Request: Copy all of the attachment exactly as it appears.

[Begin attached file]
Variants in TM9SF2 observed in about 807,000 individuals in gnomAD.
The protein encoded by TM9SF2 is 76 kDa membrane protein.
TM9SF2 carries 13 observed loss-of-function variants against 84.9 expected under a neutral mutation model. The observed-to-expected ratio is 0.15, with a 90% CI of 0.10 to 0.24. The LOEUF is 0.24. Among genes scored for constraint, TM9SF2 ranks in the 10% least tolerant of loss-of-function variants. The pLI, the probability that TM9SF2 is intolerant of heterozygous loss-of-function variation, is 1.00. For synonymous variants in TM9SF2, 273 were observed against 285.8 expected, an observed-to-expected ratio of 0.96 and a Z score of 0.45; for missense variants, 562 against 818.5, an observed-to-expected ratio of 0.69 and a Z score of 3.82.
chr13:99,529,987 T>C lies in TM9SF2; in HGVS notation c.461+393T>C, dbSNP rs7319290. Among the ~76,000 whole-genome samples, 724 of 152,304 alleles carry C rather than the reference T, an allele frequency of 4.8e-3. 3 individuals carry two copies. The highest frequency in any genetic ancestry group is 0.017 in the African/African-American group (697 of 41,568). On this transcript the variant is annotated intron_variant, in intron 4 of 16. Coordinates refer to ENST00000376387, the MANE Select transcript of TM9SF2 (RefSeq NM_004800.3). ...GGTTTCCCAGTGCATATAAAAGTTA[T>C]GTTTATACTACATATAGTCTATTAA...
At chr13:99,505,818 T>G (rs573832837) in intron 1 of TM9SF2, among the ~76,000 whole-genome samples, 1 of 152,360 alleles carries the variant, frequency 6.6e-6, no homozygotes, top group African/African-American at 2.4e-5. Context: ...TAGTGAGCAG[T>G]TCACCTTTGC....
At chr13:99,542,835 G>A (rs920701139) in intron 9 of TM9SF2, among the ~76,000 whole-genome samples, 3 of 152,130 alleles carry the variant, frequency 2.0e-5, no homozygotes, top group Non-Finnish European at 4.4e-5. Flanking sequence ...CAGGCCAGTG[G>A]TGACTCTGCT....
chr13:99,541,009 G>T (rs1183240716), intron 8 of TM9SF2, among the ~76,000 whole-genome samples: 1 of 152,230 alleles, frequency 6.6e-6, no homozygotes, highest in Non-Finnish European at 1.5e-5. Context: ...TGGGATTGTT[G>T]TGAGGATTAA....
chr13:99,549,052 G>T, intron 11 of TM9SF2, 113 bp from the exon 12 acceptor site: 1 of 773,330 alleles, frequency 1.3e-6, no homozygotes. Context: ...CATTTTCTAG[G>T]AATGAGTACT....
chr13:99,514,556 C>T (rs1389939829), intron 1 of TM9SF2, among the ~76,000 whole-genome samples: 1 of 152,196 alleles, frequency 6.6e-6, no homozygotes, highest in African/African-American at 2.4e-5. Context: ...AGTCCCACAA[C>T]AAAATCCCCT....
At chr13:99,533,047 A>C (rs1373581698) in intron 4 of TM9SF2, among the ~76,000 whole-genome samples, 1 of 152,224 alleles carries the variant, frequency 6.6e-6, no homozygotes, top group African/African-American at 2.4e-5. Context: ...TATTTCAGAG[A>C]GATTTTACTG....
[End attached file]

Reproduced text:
Variants in TM9SF2 observed in about 807,000 individuals in gnomAD.
The protein encoded by TM9SF2 is 76 kDa membrane protein.
TM9SF2 carries 13 observed loss-of-function variants against 84.9 expected under a neutral mutation model. The observed-to-expected ratio is 0.15, with a 90% CI of 0.10 to 0.24. The LOEUF is 0.24. Among genes scored for constraint, TM9SF2 ranks in the 10% least tolerant of loss-of-function variants. The pLI, the probability that TM9SF2 is intolerant of heterozygous loss-of-function variation, is 1.00. For synonymous variants in TM9SF2, 273 were observed against 285.8 expected, an observed-to-expected ratio of 0.96 and a Z score of 0.45; for missense variants, 562 against 818.5, an observed-to-expected ratio of 0.69 and a Z score of 3.82.
chr13:99,529,987 T>C lies in TM9SF2; in HGVS notation c.461+393T>C, dbSNP rs7319290. Among the ~76,000 whole-genome samples, 724 of 152,304 alleles carry C rather than the reference T, an allele frequency of 4.8e-3. 3 individuals carry two copies. The highest frequency in any genetic ancestry group is 0.017 in the African/African-American group (697 of 41,568). On this transcript the variant is annotated intron_variant, in intron 4 of 16. Coordinates refer to ENST00000376387, the MANE Select transcript of TM9SF2 (RefSeq NM_004800.3). ...GGTTTCCCAGTGCATATAAAAGTTA[T>C]GTTTATACTACATATAGTCTATTAA...
At chr13:99,505,818 T>G (rs573832837) in intron 1 of TM9SF2, among the ~76,000 whole-genome samples, 1 of 152,360 alleles carries the variant, frequency 6.6e-6, no homozygotes, top group African/African-American at 2.4e-5. Context: ...TAGTGAGCAG[T>G]TCACCTTTGC....
At chr13:99,542,835 G>A (rs920701139) in intron 9 of TM9SF2, among the ~76,000 whole-genome samples, 3 of 152,130 alleles carry the variant, frequency 2.0e-5, no homozygotes, top group Non-Finnish European at 4.4e-5. Flanking sequence ...CAGGCCAGTG[G>A]TGACTCTGCT....
chr13:99,541,009 G>T (rs1183240716), intron 8 of TM9SF2, among the ~76,000 whole-genome samples: 1 of 152,230 alleles, frequency 6.6e-6, no homozygotes, highest in Non-Finnish European at 1.5e-5. Context: ...TGGGATTGTT[G>T]TGAGGATTAA....
chr13:99,549,052 G>T, intron 11 of TM9SF2, 113 bp from the exon 12 acceptor site: 1 of 773,330 alleles, frequency 1.3e-6, no homozygotes. Context: ...CATTTTCTAG[G>T]AATGAGTACT....
chr13:99,514,556 C>T (rs1389939829), intron 1 of TM9SF2, among the ~76,000 whole-genome samples: 1 of 152,196 alleles, frequency 6.6e-6, no homozygotes, highest in African/African-American at 2.4e-5. Context: ...AGTCCCACAA[C>T]AAAATCCCCT....
At chr13:99,533,047 A>C (rs1373581698) in intron 4 of TM9SF2, among the ~76,000 whole-genome samples, 1 of 152,224 alleles carries the variant, frequency 6.6e-6, no homozygotes, top group African/African-American at 2.4e-5. Context: ...TATTTCAGAG[A>C]GATTTTACTG....